Lessons from SXSW: "Life Automation for Entrepreneurs"

SXSW Synopsis:

"Join Dave Asprey, Veronica Belmont & Maneesh Sethi as they discuss automating your life while running your business. Running a startup is an intense, all-consuming undertaking and new entrepreneurs have a hard time keeping up with the demands of their business and maintaining their relationships, social life, family, health, etc. 

In this panel, we'll be discussing creative ways to utilize technology to automate your life while you are running your business. Moderated by Stephanie Burns."

Dave Asprey - @bulletproofexec :: Veronica Belmont - http://swordandlaser.com/ :: Stephanie Burnes (Moderator) :: Maneesh Sethi - http://hackthesystem.com/

Dave Asprey - @bulletproofexec :: Veronica Belmont - http://swordandlaser.com/ :: Stephanie Burnes (Moderator) :: Maneesh Sethi - http://hackthesystem.com/

Notes:

Mostly, this session was about finding ways in which to automate aspects of business and personal life in ways that save individual entrepreneurs - and really, anyone - from decision fatigue. 

The basic premise of this is that each time anyone makes a decision, it eats into a finite pool of willpower that we have in our reserves every day. The more we waste our time making little decisions - especially those that can, and should, be automated - the less willpower we have left to make more important decisions. So, part of the goal of automating parts of your life is to find ways to reduce the overall decisions made per day.

The panel recommended the following:

  • Delegate scheduling & calendar to assistant. Assistants also do not necessarily need to be expensive.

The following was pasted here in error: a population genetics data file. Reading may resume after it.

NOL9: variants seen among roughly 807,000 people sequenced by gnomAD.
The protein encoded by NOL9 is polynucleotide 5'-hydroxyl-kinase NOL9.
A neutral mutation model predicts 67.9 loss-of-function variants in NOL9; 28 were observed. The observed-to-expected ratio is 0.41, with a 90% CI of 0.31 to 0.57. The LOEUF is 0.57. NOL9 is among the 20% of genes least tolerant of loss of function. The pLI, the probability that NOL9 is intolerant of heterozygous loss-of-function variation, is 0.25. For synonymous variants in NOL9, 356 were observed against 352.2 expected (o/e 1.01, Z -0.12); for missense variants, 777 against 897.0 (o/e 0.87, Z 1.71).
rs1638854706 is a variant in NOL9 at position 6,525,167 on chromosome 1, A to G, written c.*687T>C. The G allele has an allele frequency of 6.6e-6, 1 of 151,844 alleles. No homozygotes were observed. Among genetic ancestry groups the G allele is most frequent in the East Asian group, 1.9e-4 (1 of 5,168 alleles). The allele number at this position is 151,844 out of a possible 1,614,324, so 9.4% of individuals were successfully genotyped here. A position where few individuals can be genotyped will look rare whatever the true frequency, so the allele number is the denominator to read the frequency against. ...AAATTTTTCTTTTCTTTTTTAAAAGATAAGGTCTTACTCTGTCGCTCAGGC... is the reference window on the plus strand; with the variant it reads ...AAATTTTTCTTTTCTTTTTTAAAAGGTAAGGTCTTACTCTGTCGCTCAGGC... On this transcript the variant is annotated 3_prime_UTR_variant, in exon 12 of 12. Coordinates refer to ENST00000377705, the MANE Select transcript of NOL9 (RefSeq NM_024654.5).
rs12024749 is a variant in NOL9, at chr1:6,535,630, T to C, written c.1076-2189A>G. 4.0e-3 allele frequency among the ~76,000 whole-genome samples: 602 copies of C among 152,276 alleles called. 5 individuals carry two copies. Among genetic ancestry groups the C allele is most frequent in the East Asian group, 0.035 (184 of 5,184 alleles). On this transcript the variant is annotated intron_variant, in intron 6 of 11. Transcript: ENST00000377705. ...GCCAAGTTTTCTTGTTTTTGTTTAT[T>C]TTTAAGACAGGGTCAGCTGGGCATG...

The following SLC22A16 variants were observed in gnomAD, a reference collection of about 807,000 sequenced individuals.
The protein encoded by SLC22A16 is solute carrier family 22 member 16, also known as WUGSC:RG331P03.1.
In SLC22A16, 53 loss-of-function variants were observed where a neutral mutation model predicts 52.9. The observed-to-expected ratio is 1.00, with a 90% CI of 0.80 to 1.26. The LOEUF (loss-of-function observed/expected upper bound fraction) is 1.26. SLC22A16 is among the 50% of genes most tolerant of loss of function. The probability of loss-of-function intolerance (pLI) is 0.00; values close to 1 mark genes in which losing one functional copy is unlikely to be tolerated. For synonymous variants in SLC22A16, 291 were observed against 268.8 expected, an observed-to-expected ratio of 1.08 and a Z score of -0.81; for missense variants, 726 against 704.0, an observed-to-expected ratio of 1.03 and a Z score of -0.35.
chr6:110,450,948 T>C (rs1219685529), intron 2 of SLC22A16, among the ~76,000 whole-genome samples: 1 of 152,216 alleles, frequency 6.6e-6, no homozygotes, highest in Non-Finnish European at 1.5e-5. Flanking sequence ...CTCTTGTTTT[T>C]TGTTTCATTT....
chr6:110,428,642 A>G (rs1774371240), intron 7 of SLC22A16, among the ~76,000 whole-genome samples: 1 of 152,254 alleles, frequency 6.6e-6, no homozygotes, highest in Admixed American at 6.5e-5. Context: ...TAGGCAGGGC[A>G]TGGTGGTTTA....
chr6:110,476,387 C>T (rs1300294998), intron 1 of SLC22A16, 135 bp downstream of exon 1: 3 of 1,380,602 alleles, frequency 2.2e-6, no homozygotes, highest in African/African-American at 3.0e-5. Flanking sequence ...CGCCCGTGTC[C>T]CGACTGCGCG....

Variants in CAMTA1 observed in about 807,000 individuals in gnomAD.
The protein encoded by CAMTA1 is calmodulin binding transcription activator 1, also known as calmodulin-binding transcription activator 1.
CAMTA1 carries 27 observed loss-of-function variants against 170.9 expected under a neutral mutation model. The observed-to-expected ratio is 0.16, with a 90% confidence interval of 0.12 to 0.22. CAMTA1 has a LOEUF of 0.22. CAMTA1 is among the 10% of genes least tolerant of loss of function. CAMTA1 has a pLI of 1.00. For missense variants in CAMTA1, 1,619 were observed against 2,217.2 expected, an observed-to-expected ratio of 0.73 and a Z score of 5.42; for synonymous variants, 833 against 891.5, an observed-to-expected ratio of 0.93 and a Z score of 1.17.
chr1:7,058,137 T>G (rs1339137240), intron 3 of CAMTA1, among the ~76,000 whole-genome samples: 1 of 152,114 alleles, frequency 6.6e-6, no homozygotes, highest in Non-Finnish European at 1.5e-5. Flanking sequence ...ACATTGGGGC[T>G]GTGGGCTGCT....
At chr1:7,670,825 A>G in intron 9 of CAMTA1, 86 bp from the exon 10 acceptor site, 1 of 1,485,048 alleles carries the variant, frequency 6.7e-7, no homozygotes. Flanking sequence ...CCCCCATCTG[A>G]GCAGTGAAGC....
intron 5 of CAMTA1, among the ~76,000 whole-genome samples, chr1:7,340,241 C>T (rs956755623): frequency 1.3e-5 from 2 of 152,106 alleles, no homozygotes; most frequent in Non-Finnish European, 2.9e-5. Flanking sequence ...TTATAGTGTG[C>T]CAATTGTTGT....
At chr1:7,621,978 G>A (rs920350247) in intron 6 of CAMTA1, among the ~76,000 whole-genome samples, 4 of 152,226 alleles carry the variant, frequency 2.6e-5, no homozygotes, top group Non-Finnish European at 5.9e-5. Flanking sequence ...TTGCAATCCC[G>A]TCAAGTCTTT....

• Schedule things that you normally wouldn't - like exercise, lunchtime, and other daily activities, so that you will stay on track and avoid unnecessary interruptions.
  • Pre-schedule long-term decisions like food (ie. make healthy food on the weekends and prepare to take it for lunch each day so that it isn't a unique decision on what to eat in the mornings or before lunchtime - this also cuts down on temptation to eat unhealthy foods); and recurring appointments for the doctor, dentist, etc.
  • Reduce scheduling decisions between multiple parties by reducing the number of available time options on your schedule, or using website to automatically align schedules.
  • Outsource travel arrangements as much as possible via secretary or websites like
  • "Anything you're not the best at" - Maneesh Sethi
  • Even gratitude...
  • Social media presence can also be automated through social media managers, and also:
  • Emails - Maneesh Sethi in particular has developed a system where nearly all of his email correspondence is run through an assistant. The assistant reviews all emails and categorizes them by importance and specificity. 

When asked if it's worth the trade-off to outsource personal information to assistants - especially internationally - Maneesh Sethi just considers it to be a cost worth bearing, noting that the worst things that can generally happen are "not that bad". Dave Asprey added, "Someone's already reading your email today. They're name is the NSA."

Things not to automate:

  • Sex & relationships (Belmont)
  • Mentorship (Asprey)

On internships, Dave Asprey also noted:

"There are people who will work for a surprisingly little amount of money, and they're not actually getting screwed out of the deal because they're getting an apprenticeship."

Interesting.

In the Q&A section, the panel answered several questions that I found relatively interesting. To the question of what we should do  if we don't have enough for our assistants to do to make a full time job, the panelists answered:

  1. Don't worry about it, they're there to assist you, not the other way around
  2. Add a constant job of ensuring accountability
  3. Work on forward-looking projects

To the question of how to start automating one's life, the panelists suggested that individuals start by asking the question, "What do you procrastinate on the most?" Whatever the answer to that question is, that's where you should start if possible.

Finally, to the question of what to do after college, the answers were:

  1. Eliminate debt as quickly as possible
  2. Look for the holes or what's missing in terms of what you currently don't outsource that you'd like to, and figure out how to automate those parts of your life
  3. Find great mentors & friends

All in all, this was a pretty informative session.

Sean Malone

Washington, DC